What are the research results?
In the experiment, all students participated in peer feedback sessions, so they don’t have any way to measure the effect of giving or getting feedback. They are only able to measure the effects of different types of feedback and the feedback-reply intervention.
The two main findings (answering their research questions) are:
- Students that receive justified feedback improve the most. However, the effect is small for students that already had good assignments before the peer feedback.
“It also indicates that it is more important for a peer assessor to provide justification rather than accurate critique in the form of negative comments.”
- Asking the students to reply to the feedback did not improve the work of the replier.
Another interesting finding not directly related to their research questions included improvements to students writing through peer feedback. According to a previous research study, peer feedback is effective because students don’t fully trust it. Instead, they investigate and double-check peer feedback.
“In the study by Yang, Badger, and Yu (2006) revision initiated by teacher feedback was less successful than revision initiated by peer feedback, probably because peer feedback induced uncertainty. Teacher feedback was accepted as such but proved to be associated with misinterpretation and miscommunication, whereas reservations regarding the accuracy of peer feedback induced discussion about the interpretation. Students’ reservations prompted them to search for confirmation by checking instruction manuals, asking the teacher, and/or performing more self-corrections. As a result, students acquired a deeper understanding of the subject. In contrast, teacher feedback lowered students’ self-corrections, perhaps students assumed that the teacher had addressed all errors and that no further corrections were required (Yang et al., 2006).”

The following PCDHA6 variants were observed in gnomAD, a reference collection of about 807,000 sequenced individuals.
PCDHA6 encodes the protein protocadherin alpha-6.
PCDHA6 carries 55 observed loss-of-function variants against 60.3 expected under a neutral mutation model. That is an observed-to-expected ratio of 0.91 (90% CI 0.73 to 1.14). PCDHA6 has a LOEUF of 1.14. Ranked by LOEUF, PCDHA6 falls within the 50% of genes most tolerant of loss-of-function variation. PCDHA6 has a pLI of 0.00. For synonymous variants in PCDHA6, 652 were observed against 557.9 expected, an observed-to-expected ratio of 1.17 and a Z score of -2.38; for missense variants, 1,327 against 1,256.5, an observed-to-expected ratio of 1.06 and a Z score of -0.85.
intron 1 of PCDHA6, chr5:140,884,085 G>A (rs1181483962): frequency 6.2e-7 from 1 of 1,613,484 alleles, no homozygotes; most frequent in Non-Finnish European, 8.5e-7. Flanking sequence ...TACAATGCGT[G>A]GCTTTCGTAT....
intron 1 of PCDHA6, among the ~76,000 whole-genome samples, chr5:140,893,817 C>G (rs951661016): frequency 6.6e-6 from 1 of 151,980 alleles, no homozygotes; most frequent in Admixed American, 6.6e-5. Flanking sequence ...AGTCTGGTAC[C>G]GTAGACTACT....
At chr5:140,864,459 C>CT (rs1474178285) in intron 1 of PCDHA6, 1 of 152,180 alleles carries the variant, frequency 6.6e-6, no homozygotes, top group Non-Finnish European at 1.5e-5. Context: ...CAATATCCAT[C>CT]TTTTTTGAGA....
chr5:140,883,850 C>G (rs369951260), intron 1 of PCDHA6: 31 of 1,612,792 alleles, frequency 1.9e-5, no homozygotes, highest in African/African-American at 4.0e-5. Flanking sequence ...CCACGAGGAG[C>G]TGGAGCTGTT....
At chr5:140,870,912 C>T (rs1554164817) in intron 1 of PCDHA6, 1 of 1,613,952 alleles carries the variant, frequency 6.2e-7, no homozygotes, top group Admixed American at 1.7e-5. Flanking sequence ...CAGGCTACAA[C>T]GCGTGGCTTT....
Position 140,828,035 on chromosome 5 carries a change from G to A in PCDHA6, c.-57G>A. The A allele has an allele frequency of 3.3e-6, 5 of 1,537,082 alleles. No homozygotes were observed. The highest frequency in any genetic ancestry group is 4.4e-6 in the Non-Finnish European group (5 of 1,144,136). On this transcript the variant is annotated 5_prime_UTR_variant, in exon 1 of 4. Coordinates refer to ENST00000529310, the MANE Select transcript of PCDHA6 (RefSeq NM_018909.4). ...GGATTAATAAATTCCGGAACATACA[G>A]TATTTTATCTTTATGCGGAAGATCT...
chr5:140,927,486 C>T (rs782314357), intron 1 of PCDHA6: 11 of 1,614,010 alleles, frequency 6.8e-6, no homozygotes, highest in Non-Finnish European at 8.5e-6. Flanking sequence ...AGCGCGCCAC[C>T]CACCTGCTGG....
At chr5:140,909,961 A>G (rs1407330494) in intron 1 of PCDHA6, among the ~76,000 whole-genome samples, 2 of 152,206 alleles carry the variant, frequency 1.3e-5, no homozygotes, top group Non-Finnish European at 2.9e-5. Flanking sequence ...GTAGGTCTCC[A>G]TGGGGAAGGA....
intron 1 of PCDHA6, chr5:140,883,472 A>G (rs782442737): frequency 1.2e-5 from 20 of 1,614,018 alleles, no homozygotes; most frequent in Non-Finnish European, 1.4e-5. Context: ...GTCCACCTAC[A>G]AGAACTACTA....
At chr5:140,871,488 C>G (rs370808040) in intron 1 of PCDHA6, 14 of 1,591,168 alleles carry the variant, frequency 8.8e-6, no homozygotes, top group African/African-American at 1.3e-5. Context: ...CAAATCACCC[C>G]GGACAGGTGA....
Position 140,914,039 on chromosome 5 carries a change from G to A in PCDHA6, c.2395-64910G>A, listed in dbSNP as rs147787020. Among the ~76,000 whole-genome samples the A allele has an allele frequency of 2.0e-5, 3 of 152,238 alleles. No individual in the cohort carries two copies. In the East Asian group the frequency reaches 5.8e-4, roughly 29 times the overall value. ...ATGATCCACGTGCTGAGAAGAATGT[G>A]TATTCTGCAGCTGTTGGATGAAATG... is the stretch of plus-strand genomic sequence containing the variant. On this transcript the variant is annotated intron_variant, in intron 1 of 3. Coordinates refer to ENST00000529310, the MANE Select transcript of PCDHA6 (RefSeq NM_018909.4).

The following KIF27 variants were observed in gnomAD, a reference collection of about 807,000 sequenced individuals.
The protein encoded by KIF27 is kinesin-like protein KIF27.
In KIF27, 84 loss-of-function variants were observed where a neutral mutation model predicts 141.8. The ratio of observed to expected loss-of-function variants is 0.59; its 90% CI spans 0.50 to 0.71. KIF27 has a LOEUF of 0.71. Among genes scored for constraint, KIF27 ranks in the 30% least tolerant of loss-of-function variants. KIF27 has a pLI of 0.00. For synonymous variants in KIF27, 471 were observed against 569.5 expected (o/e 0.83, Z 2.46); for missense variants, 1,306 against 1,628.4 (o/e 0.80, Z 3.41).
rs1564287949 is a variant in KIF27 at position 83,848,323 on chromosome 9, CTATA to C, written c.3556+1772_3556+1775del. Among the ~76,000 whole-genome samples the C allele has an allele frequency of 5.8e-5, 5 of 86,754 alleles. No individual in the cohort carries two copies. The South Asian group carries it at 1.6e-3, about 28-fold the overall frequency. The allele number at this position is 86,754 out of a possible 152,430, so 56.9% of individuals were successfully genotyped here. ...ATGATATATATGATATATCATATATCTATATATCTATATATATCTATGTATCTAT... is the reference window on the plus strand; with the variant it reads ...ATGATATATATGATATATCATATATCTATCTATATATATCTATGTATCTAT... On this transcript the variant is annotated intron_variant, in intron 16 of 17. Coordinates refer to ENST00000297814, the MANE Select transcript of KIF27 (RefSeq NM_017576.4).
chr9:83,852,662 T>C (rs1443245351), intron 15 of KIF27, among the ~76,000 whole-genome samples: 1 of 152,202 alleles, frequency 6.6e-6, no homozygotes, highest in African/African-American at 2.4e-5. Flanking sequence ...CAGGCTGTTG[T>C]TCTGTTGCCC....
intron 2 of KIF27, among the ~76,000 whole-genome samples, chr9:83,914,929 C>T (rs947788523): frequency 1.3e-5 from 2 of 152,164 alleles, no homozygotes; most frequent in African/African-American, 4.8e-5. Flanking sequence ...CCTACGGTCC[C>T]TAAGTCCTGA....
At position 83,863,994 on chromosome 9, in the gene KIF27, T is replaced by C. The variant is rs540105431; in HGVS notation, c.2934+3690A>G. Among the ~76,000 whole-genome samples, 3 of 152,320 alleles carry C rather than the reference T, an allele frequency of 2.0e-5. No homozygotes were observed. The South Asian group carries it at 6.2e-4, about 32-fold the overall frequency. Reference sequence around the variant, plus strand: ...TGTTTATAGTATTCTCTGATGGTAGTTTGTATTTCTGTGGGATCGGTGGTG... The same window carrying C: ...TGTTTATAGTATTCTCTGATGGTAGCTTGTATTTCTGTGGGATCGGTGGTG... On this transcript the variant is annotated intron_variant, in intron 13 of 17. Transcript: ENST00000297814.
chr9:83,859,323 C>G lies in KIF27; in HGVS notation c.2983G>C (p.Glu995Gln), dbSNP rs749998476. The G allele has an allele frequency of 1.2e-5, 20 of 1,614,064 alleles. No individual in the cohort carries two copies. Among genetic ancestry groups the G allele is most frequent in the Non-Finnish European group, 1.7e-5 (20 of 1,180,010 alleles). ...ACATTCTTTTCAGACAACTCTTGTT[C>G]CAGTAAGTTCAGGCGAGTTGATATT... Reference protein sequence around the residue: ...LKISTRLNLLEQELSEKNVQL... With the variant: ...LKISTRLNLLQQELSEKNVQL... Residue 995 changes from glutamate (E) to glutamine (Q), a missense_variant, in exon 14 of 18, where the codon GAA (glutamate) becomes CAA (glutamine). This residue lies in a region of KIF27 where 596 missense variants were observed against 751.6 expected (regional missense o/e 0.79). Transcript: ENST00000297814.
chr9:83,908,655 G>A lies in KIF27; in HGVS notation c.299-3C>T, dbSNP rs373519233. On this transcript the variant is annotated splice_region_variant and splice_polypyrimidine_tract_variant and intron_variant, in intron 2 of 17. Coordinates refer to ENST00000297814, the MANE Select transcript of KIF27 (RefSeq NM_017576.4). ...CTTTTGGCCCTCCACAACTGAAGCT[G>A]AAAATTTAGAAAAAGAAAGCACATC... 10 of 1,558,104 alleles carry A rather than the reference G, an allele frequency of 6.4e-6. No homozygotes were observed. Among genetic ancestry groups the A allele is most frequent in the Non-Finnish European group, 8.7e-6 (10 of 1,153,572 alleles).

What we found interesting:
This paper brings a few interesting things to the table! A lot of teachers care about the accuracy of feedback. This does not necessarily mean numerical accuracy, but also just correctness of the written feedback. This article does not argue that justified feedback is correct feedback (although there is likely to be a correlation). It argues that usefulness is only dependent on justification. This is could be plausible because students are more likely to use feedback if it is justified, and what they measure here is how good students are at improving their work based on their received peer feedback.
A problem with this paper is that they do not address the learning effects of giving feedback. Imagine that you could improve 100% by doing peer review, and that giving feedback accounts for 80% of that learning. In this case there is only 20% learning left when it comes to receiving and using the feedback. Since they don’t control for the learning effects of giving feedback, and since other papers propose that there is more learning in giving feedback than receiving it, then the results are not extremely useful.